Newswise — The first, and only, vice presidential debate of this election season takes place Tuesday, Oct. 4, at Longwood Univeristy. Robert Schmuhl, Walter H. Annenberg-Edmund P. Joyce Chair in American Studies and Journalism at the University of Notre Dame, says ...

"Mike Pence's circumstance is particularly significant. He needs to come across as a calming presence on the Republican ticket, and he could be placed on the defensive, given how Trump has handled himself since his first debate with Clinton. Thus far Trump has overshadowed Pence to the degree that most of the electorate doesn't know that much about him.

"Voters' opinions, both positive and negative, are well established for Hillary Clinton and Donald Trump, but Tim Kaine and Mike Pence are much less well known among Americans. Tuesday's debate is an opportunity for the broader public to get a better sense of what they know and how they conduct themselves with millions of people watching. Will the debate make much of a difference in the outcome Nov. 8? Not really. The event, though, will provide a fuller picture of the Democratic and Republican tickets in 2016."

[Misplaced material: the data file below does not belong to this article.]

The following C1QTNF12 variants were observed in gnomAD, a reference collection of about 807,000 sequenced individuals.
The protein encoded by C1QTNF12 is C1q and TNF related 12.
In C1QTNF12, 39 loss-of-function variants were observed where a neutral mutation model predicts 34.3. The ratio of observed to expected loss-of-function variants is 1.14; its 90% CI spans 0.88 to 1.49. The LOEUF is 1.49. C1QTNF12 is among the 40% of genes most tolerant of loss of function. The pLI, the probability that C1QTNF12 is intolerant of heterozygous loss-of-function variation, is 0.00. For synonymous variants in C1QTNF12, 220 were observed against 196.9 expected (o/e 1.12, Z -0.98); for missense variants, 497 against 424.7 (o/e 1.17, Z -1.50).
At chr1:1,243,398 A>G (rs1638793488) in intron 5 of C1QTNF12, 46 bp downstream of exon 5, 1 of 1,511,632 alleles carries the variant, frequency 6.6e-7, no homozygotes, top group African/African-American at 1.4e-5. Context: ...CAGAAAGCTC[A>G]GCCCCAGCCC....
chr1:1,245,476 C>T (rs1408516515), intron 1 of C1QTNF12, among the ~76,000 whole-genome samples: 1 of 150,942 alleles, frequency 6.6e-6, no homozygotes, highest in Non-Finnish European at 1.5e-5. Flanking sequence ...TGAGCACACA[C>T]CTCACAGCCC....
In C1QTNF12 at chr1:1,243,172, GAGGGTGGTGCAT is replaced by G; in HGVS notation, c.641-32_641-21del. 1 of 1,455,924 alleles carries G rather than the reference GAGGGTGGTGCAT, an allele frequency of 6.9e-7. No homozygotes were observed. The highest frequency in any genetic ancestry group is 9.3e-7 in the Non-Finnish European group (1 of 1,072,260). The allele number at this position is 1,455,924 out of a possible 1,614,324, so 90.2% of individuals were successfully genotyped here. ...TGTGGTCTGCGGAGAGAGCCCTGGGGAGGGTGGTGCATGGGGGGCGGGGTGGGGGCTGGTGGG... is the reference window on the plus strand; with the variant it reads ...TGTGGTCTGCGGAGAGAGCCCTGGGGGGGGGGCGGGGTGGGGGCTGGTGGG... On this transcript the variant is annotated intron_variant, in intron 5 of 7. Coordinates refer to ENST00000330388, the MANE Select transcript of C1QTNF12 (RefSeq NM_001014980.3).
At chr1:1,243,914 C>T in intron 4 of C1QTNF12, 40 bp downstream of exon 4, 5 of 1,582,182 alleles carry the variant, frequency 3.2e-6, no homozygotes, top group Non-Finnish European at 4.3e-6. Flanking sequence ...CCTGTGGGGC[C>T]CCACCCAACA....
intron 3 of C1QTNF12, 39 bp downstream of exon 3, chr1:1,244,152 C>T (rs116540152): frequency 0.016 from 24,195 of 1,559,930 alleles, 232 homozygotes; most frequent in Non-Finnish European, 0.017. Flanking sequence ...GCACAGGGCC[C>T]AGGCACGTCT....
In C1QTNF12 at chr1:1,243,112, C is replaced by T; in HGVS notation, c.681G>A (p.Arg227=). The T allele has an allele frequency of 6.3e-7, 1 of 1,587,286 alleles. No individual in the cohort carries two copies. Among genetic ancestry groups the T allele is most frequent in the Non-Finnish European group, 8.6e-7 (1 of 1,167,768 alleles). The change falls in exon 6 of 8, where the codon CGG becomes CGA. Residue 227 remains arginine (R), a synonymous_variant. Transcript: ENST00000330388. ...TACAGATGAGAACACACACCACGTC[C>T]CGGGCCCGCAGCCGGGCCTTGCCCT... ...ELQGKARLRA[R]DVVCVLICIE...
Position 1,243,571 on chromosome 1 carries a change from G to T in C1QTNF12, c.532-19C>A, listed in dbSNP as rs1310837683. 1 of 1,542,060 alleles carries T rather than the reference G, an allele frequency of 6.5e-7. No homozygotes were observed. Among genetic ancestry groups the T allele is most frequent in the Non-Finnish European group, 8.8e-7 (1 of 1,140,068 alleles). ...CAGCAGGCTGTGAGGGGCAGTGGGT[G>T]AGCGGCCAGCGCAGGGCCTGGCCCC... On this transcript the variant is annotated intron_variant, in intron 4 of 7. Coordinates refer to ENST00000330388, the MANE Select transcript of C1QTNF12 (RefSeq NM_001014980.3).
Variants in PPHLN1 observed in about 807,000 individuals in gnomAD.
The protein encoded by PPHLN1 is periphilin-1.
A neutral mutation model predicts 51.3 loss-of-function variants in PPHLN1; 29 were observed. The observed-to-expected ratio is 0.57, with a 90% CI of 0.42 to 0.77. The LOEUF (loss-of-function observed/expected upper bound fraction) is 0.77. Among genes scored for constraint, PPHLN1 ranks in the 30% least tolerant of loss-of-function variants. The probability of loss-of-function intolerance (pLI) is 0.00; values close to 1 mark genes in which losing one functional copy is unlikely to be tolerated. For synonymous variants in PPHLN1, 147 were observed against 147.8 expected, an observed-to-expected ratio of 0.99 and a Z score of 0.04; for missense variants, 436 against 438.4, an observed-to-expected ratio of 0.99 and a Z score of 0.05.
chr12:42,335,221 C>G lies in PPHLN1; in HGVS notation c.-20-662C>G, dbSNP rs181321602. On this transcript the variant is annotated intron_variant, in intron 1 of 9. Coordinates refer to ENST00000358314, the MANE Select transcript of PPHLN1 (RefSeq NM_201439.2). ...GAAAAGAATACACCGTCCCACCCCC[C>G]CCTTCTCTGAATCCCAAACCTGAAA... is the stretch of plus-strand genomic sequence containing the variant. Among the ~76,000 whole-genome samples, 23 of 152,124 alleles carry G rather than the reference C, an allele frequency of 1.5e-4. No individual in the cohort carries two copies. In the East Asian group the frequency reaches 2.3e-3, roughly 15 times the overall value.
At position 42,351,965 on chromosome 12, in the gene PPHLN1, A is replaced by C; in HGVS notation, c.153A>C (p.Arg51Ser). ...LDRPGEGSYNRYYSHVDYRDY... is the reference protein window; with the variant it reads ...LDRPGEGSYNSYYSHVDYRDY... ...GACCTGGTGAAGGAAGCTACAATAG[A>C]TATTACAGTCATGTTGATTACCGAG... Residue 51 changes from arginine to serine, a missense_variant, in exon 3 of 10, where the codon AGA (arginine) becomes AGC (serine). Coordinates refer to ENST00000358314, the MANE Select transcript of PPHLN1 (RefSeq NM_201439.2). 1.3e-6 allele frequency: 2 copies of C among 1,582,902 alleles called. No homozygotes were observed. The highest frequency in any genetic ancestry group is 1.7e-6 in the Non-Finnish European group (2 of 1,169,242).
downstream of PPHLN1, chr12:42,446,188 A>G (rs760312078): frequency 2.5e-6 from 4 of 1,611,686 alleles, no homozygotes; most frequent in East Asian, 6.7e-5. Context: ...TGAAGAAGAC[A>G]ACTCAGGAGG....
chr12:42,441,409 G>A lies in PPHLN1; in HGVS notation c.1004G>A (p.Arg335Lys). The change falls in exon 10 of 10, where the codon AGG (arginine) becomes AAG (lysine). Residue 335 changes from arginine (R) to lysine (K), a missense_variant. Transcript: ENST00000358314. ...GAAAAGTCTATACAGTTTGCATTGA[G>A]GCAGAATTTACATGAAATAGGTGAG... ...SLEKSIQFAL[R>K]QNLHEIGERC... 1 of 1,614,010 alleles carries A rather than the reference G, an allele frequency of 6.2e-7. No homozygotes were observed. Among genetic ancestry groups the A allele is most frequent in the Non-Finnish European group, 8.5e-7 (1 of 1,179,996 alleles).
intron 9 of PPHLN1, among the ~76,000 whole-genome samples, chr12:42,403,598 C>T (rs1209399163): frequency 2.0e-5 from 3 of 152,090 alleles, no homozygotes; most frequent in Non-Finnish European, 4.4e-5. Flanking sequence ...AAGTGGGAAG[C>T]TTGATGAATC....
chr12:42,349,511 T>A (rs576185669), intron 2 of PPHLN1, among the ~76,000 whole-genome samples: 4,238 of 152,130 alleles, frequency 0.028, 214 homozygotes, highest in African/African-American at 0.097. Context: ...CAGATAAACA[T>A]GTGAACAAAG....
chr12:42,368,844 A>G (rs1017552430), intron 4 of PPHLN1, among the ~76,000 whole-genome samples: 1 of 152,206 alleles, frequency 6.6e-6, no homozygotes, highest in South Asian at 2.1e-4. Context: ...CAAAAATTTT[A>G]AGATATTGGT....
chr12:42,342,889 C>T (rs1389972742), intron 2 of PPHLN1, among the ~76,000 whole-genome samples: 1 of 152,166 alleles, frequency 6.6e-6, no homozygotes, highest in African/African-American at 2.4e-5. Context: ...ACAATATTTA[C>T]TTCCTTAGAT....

A frequent contributor to popular publications, Schmuhl is the author or editor of 13 books, including "Statecraft and Stagecraft: American Political Life in the Age of Personality" (1990, 1992, and 2016) and "Demanding Democracy" (1994).

The University of Notre Dame has a dedicated ISDN line and television studio available on campus.